And as for who wins the age old question? As Verrall himself puts it, "the war leaves everything the same in DC."

Comparative review of Simpatico's Long Day's Journey Into Night and Temple Theatre's Caucasian Chalk Cirlce

In a season stuffed with new play events— 87 world or Philadelphia premieres— I was gratified to see two revivals of modern classics: Simpatico’s brilliant staging of Eugene O’Neill’s Long Day’s Journey Into Night, and Temple University’s excellently staged yet overwrought production of Bertolt Brecht’s Caucasian Chalk Circle. Between them, the pair painted thoroughly distinct (and for Brecht, thoroughly surprising) views of the family.

To read the full article, published at the Broad Street Review, click here.

Review of Road at Curio Theatre

First published in Edge Phialdelphia:

Besides loving company, misery delivers ratings, because if nothing else, it’s usually interesting to watch. And judging from the tone of newspaper editorials, congressional outrage, and talking heads on television, some people clearly delight in the current economic crisis.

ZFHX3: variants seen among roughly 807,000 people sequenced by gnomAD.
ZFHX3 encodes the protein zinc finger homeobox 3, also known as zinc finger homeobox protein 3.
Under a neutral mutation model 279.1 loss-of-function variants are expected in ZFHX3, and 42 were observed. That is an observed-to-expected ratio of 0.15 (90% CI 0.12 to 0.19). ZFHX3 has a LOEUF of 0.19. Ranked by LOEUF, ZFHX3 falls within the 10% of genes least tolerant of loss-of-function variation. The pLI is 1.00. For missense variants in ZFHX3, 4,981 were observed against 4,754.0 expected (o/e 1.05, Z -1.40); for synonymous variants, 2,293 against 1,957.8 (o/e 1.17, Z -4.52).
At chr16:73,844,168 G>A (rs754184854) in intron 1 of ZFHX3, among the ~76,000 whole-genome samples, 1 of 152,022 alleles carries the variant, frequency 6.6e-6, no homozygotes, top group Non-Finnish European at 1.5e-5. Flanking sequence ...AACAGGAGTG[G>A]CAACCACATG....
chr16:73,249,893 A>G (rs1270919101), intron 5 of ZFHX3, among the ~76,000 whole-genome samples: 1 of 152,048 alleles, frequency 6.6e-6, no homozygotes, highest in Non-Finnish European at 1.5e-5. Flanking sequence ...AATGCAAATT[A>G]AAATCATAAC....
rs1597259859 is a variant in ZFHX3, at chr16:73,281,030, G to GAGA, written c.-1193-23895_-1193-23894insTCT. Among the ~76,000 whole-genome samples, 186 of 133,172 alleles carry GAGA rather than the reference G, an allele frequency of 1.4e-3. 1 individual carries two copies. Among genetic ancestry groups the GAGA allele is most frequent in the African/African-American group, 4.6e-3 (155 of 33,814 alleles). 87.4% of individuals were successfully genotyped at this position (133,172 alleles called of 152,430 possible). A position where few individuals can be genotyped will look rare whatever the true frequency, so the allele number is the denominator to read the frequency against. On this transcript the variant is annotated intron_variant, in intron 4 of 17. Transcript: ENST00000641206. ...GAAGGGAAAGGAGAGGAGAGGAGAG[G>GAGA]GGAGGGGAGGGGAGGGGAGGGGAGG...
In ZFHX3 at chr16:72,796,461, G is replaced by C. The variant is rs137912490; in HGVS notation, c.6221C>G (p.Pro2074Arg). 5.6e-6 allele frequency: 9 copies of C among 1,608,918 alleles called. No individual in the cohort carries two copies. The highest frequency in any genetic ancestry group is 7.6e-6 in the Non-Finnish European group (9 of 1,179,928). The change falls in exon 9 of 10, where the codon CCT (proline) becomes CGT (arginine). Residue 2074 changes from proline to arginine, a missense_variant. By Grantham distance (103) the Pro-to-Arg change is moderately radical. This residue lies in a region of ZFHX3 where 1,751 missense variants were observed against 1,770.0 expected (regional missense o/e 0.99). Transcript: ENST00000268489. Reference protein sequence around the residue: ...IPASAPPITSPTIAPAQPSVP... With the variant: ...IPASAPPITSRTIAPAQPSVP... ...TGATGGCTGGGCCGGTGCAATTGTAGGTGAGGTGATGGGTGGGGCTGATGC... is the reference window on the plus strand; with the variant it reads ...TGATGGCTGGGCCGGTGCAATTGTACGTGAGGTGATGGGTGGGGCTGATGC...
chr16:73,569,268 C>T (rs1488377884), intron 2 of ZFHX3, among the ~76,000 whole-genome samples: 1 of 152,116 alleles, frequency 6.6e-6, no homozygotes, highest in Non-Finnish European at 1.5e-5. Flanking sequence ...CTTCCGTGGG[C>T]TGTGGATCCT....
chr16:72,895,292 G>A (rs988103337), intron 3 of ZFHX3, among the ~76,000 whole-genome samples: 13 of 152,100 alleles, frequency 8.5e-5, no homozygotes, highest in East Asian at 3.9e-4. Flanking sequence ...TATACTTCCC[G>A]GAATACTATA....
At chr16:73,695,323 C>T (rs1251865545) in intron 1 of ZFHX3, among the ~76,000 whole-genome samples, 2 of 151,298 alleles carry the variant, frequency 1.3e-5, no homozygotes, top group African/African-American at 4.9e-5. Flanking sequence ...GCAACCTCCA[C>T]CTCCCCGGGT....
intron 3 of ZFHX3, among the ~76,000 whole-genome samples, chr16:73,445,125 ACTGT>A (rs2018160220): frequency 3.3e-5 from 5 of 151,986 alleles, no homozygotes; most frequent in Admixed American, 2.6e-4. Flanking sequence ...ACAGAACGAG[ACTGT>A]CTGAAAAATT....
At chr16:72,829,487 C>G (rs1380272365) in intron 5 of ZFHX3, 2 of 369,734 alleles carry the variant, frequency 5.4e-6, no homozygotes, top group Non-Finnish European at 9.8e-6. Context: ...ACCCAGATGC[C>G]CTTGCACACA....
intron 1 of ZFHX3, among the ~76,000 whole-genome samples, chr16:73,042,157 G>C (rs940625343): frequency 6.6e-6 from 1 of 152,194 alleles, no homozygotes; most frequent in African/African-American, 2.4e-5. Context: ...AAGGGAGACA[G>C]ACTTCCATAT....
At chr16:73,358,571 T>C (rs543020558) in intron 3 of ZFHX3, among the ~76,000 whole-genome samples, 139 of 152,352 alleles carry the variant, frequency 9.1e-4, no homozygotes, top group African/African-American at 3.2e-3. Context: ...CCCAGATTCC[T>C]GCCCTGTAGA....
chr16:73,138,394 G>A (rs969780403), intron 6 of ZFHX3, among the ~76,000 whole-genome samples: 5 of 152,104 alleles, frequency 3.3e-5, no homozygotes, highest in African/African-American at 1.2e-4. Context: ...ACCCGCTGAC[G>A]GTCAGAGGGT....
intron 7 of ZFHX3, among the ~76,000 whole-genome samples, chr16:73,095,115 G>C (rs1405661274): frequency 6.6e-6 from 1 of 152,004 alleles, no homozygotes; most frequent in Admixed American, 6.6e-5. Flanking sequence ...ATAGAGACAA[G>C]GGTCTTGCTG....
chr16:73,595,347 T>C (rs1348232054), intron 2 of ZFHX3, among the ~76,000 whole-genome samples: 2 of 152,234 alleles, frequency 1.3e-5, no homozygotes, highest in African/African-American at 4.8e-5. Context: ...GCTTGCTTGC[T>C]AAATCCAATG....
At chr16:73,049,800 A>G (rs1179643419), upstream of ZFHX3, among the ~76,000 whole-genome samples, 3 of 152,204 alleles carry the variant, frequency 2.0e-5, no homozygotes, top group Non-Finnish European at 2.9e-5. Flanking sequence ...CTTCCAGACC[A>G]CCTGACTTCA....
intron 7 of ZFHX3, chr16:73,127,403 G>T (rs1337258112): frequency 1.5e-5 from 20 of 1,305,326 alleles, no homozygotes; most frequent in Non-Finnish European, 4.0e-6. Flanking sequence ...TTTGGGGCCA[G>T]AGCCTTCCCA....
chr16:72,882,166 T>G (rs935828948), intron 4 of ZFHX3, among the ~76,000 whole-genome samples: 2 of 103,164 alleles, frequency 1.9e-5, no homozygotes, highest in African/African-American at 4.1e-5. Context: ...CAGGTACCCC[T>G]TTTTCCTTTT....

They’re the same people who would enjoy Jim Cartwright’s Road, now in a stilted, uneven production at Curio Theatre Company. Cartwright penned his play during the severe depression that afflicted England in the early-to-mid-1980s, when that country’s unemployment rates hit 20%. With the playwright’s permission, director Gay Carducci transferred the setting to 2009 West Philadelphia. And while America’s current "economic crisis" hasn’t reached anything near those numbers, a sense of relevance mostly permeates Curio’s staging.

Beyond a broken street sign that juts from a corner of the stage, Paul Kuhn’s disparate set pieces appears like a graveyard of props-crumbling flophouses, littered curbsides, and sparsely furnished interiors-and show a world that’s familiar to any Philadelphian who ventures outside of Center City. Prostitutes and pushers roam the streets, petty thieves snag their loot from pockets, and young and old alike bury their heads in local taverns.